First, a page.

Western Digital was one of the first storage manufacturers to enter the world of media streamers. Their latest play in the market is the WD TV Live Plus HD media player. This model attempts to provide users with all their local media, as well as thousands of videos from across the web. We have seen several similar players from Western Digital, including the WD TV HD, WD TV Mini, and the WD TV Live.

Western Digital has a vested interest in getting these devices out in the market, since users who purchase these devices are more likely to purchase Western Digital hard drives (such as the WD My Passport, My Book models, etc.). Users buy these drives in order to continually feed the content to the media device. The media player and HDD product mix support each other. In fact, it is not uncommon to see these devices sold side by side at the local Best Buy.

The most prominent differences between the WD TV Live Plus HD media player and the previous generation of WD media streamers are DVD Menu Navigation and Netflix Instant Watch capability. There are also many other desirable features on the device. The WD TV Live Plus boasts one of the broadest feature sets we have ever seen in a media streaming device, including Netflix, Youtube, Flickr, Pandora, Live365 and MediaFly, in addition to full 1080p playback in a wide variety of formats. We will be covering these advertised features and also overall compatibility in this review.

The WD TV Live Plus retails for $149.99, however can easily be found for much less (at the time of writing NewEgg has it for $119.99). At this price, the Plus is hitting the same price target as the WD TV Live  before it. The WD TV Live can now be had for $109.99 and The WD TV HD which originally retailed for $129.99 can be found for as little as $89.99. The WD TV Mini has a very limited feature set. The MSRP is $99, but it can be found for $49.99. However, the mini is almost a different class of device geared more towards portability and SD quality content.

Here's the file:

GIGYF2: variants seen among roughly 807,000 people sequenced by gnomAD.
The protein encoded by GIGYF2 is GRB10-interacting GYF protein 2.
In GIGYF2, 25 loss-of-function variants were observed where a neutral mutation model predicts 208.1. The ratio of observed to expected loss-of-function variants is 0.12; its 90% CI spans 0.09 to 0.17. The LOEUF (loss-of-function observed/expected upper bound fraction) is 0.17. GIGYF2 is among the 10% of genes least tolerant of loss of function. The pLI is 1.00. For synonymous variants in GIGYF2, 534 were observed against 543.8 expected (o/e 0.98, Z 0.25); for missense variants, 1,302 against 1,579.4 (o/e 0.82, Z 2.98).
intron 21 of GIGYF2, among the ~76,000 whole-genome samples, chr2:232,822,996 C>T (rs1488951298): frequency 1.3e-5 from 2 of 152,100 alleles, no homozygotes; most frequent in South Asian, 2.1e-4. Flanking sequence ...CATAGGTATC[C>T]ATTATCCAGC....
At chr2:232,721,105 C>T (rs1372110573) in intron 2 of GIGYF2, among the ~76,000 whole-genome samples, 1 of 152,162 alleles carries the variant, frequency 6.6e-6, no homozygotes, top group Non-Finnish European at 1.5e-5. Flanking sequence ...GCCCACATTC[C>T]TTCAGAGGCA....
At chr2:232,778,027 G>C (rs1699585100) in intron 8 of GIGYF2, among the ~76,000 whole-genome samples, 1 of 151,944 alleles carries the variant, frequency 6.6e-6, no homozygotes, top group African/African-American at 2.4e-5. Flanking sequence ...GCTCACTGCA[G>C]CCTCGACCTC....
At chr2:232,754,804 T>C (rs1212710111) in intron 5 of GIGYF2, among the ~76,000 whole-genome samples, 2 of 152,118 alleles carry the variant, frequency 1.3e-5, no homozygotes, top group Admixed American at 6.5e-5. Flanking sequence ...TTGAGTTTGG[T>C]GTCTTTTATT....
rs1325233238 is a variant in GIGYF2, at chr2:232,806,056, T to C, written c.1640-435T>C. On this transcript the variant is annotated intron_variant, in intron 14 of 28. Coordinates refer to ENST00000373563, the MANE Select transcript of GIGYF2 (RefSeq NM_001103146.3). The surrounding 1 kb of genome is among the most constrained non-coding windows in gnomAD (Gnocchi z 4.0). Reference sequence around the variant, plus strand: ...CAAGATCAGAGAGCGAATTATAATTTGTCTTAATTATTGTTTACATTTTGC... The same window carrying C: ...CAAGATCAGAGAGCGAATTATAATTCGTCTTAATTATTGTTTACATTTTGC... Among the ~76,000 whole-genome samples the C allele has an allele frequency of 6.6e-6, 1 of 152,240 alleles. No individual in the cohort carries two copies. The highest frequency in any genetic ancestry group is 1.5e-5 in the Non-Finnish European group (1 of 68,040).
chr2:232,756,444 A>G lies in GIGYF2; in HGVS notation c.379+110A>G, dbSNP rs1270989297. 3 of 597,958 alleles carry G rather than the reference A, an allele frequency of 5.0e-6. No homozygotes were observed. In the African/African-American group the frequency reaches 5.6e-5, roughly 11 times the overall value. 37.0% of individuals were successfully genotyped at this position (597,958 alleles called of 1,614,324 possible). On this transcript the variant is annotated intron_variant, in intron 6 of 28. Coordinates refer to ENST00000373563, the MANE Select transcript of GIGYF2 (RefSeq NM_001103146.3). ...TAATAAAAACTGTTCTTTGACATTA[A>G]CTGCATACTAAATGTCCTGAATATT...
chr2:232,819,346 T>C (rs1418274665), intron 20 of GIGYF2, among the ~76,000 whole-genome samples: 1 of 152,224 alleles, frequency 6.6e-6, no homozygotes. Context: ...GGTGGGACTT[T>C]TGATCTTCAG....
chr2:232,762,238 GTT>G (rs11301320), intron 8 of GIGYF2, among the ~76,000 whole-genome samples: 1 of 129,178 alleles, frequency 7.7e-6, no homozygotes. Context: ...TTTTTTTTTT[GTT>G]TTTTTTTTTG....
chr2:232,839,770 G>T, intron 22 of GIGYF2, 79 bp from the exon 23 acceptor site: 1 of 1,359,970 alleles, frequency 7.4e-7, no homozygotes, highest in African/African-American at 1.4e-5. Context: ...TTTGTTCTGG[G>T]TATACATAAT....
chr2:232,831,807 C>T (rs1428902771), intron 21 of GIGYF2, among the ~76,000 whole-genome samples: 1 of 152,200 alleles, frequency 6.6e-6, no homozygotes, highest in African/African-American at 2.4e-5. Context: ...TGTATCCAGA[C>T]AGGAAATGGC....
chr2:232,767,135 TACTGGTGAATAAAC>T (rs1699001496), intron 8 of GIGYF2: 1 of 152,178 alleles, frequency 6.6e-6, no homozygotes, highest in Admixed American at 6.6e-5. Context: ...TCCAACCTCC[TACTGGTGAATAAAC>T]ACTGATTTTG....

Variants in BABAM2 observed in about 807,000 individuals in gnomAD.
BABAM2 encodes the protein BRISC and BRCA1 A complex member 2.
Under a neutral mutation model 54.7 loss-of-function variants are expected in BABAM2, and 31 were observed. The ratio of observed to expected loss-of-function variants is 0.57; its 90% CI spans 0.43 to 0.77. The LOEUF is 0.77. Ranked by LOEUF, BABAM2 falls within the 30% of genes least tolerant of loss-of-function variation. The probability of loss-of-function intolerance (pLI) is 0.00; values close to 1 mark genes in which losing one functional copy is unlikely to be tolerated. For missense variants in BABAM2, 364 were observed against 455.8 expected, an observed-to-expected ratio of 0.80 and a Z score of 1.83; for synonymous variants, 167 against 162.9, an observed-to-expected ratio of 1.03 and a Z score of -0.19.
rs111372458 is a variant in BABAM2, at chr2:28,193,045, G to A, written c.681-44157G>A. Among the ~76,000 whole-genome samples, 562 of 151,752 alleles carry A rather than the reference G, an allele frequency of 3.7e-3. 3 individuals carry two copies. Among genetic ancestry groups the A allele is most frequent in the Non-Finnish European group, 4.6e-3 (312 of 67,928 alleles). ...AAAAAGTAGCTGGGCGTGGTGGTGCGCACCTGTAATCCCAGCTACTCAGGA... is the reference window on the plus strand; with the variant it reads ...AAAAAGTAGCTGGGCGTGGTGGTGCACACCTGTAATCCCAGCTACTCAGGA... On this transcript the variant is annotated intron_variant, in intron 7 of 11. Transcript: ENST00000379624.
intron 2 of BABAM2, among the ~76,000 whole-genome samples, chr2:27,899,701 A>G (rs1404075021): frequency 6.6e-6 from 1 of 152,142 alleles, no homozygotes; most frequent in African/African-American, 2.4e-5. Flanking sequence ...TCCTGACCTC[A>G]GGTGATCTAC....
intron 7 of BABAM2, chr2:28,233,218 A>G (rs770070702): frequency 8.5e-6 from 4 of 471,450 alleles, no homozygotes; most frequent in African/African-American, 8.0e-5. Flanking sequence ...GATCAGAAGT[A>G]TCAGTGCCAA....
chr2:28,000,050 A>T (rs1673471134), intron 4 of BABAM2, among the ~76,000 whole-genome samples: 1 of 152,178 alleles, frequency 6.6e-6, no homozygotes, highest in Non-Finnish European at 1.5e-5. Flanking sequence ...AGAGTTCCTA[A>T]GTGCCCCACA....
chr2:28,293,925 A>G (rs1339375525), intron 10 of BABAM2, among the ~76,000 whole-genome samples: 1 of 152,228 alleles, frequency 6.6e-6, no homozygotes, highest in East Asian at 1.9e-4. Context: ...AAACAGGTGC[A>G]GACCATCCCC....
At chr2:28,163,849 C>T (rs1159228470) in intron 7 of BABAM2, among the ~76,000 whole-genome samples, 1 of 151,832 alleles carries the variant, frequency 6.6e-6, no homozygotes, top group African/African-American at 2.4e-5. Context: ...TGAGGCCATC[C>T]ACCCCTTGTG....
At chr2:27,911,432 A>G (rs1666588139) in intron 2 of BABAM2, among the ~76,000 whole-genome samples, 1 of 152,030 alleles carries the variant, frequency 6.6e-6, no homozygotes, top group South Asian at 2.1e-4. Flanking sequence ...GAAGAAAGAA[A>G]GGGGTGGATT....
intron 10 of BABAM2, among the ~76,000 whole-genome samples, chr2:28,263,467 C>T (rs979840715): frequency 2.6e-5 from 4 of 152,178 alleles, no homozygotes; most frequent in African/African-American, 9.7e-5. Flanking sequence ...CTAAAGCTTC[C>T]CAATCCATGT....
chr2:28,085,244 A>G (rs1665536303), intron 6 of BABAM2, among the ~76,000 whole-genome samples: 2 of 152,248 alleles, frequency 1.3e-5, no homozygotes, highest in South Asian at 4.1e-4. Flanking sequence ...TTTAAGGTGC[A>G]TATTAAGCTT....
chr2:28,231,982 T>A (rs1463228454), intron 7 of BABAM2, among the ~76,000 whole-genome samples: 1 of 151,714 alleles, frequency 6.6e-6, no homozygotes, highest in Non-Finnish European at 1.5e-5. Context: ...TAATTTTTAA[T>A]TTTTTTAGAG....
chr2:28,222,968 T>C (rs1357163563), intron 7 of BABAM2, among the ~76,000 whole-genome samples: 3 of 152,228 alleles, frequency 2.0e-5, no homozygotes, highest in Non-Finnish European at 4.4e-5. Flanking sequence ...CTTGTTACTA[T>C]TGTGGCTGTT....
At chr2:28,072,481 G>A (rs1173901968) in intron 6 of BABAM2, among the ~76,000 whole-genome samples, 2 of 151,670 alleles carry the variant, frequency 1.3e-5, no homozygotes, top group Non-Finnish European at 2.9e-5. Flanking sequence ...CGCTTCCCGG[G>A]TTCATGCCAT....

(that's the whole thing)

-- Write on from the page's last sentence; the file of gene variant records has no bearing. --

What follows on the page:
For those looking for a high definition device, there is an effective price difference of only $30 between the lowest end device (WD TV HD) and the highest end device we are reviewing today (WD TV Live Plus HD). There is quite a bit of incentive to spend that extra $30. The bit of extra cash gets you Netflix support, Youtube, Flickr, Pandora, Network video viewing support, Windows Play to Support, DVD navigation, and extra connectivity options (component).

What's Inside the Box?
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  • Decaff - Thursday, July 29, 2010 - link

    I definately second this.
    Most of the commentaries I've seen around point to the PlayON being a far better player, though some people claim the WDTV to be better, but doesn't back it up.

    Also, the Popcorn boxes are often regarded as being superior (probably due to the higher pricetag), but I haven't seen any solid confirmation of it anywhere.

    So keep up the good work. I'm loving these articles.
  • jo-82 - Thursday, July 29, 2010 - link

    Why would i want to let my normal machine run all the time? If i use a USB-attached one i have the mess auf more Cables and an additional device.

    Dear WD: Put a 2,5" Drivebay (Hotswappable would be nice) inside and we have a deal. Especially as a Device for Parents und and Friends...
  • probedb - Thursday, July 29, 2010 - link

    Some of us have these things called fileservers or NAS boxes. If you want an internal drive why are you even looking at this as that's not what it's for???
  • dvinnen - Thursday, July 29, 2010 - link

    These type devices are geared toward people who have media servers (i currently use a 7 year old machine running linux and a ton of storage and it works great). Also to get you to purchase a WD external HD.

    Internal storage wouldn't work unless they added NAS functionality to it. Hot swapping drives to put media on it and bring it back to the player just sounds like a bad idea.
  • saiga6360 - Friday, July 30, 2010 - link

    Did you happen to see the price tag? You want something like, you will have to pay more for like a Popcorn Hour or a Dune.
  • Finite Loop - Thursday, July 29, 2010 - link

    I had been looking for the WD TV Live, but it was sold out everywhere and nobody had any backorders for it. I went with the AC Ryan Playon HD mini.